of spatial attention Yasaman Bagherzadeh1([email protected]), Daniel
Baldauf , Benjamin Lu , Dimitrios Pantazis , Robert Desimone ; McGovern Institute for Brain Research, Massachusetts Institute of Technology,
1 1
Previous studies have shown that alpha synchrony is linked with suppression of information processing, whereas gamma frequency is associated
with attention to targets. To determine whether alpha and gamma synchrony play a causal role in the control of spatial attention, we designed
a MEG neurofeedback task to train subjects to increase an asymmetry of
oscillatory power between the left and right parietal cortex (alpha in Exp1
or gamma in Exp2). During neurofeedback trials a Gabor pattern was presented in the center of the screen, with its contrast modulated according to
a real time measure of the hemispheric asymmetry in the alpha (or gamma)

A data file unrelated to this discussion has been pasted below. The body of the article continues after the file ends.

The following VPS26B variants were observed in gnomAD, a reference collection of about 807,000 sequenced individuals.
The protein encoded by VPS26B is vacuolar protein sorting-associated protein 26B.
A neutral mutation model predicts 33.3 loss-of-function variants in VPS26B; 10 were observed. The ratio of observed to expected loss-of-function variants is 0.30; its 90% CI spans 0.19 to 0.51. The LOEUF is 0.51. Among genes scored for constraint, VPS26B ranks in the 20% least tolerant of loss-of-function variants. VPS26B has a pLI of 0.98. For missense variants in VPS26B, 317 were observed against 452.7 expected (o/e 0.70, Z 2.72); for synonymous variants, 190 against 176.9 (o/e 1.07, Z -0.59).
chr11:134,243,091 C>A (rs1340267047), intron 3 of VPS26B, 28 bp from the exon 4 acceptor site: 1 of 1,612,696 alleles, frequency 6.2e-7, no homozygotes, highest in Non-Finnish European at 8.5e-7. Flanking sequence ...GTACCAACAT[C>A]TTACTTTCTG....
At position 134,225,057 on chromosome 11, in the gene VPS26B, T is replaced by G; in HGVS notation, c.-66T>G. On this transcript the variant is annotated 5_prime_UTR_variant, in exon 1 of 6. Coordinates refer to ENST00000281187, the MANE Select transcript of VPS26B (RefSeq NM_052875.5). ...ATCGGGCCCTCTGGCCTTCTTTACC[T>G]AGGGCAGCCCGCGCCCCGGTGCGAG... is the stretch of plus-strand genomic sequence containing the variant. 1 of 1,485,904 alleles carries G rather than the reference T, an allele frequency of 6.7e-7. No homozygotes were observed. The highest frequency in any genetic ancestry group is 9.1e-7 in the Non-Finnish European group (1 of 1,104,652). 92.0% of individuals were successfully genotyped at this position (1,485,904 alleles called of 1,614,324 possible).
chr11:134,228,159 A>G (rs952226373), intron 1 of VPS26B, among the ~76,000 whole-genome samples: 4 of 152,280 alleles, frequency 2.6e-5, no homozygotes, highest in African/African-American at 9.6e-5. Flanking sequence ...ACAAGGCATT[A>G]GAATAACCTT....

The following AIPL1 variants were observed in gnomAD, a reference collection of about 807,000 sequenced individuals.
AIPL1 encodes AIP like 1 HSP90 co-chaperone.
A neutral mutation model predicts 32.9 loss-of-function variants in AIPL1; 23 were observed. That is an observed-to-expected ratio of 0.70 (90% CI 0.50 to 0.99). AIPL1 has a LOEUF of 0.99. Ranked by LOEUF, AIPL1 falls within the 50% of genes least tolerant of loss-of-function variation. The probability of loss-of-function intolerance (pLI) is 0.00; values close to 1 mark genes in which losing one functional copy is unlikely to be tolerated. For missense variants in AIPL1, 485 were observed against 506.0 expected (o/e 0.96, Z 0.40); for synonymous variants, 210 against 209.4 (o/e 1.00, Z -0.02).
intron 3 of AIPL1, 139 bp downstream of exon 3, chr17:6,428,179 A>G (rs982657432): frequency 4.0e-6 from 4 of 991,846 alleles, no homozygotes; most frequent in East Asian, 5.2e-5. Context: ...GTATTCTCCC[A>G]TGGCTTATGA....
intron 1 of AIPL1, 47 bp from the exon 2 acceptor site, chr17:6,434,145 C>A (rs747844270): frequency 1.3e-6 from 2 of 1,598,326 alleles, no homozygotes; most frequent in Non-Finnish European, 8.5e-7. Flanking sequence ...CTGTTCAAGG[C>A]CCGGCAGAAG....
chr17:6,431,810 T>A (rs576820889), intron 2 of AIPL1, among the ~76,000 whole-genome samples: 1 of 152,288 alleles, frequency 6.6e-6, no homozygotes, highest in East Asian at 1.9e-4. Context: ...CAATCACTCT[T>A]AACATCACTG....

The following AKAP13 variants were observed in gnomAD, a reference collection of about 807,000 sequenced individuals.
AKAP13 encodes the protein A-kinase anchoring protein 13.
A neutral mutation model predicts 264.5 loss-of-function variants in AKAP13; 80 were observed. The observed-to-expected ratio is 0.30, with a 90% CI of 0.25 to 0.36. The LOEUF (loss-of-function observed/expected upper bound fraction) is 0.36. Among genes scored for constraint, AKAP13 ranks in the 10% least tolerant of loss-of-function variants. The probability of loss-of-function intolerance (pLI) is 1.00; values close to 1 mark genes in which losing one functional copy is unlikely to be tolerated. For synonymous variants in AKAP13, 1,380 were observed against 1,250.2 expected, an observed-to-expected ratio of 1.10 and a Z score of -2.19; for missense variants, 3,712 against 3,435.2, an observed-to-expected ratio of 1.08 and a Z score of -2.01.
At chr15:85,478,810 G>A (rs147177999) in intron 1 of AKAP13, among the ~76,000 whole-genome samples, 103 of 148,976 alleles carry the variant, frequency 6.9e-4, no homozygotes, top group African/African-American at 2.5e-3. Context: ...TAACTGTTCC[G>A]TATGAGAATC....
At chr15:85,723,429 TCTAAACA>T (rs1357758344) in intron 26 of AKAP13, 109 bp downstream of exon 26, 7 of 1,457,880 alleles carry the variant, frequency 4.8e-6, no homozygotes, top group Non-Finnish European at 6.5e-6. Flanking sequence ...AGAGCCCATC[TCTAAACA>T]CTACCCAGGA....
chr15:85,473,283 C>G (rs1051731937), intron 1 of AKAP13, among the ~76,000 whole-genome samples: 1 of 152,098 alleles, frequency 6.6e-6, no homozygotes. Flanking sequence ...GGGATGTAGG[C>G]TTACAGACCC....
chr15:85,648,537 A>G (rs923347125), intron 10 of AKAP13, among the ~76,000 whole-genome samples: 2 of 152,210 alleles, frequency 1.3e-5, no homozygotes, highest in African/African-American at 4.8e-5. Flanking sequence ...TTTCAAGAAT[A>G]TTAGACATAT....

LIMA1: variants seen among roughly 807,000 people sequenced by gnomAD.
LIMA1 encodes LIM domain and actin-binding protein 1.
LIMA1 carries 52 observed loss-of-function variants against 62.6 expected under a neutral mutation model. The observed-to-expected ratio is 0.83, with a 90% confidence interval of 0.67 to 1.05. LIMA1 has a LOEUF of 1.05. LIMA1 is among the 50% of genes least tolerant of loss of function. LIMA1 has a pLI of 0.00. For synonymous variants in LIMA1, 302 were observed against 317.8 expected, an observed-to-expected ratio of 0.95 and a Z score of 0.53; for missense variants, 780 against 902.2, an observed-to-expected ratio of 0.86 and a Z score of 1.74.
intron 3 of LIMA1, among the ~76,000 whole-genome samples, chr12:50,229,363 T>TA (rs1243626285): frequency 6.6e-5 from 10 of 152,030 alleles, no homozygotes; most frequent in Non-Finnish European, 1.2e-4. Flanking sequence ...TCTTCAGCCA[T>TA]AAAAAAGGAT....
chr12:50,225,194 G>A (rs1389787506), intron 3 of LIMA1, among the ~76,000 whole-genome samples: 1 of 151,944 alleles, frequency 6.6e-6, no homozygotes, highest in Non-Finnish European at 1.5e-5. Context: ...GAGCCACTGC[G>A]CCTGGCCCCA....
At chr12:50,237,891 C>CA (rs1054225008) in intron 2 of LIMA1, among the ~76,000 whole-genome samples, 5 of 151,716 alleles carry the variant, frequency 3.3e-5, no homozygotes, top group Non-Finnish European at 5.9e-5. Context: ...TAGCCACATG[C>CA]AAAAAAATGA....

range. We tested the effects of these oscillatory changes on both behavioral performance in a free viewing task and on visual evoked potentials
recorded from visual cortex. Twenty healthy subjects participated in the
study. They were divided into two groups, a left and a right training group,
depending on the feedback direction of the hemispheric asymmetry. We
found that subjects were able to control the asymmetry between the left
Vi s i on S c i enc es S o ci e ty
and right hemispheres in the frequency range of interest in both training
directions. Increasing alpha in one hemisphere lead to reduced visually
evoked responses (Exp1) while increasing gamma in one hemisphere lead
to enhanced evoked responses (Exp2). Hemispheric asymmetry in the
alpha band resulted in attentional bias in the free viewing task by reducing
the number of fixations in the contralateral hemifield. The results support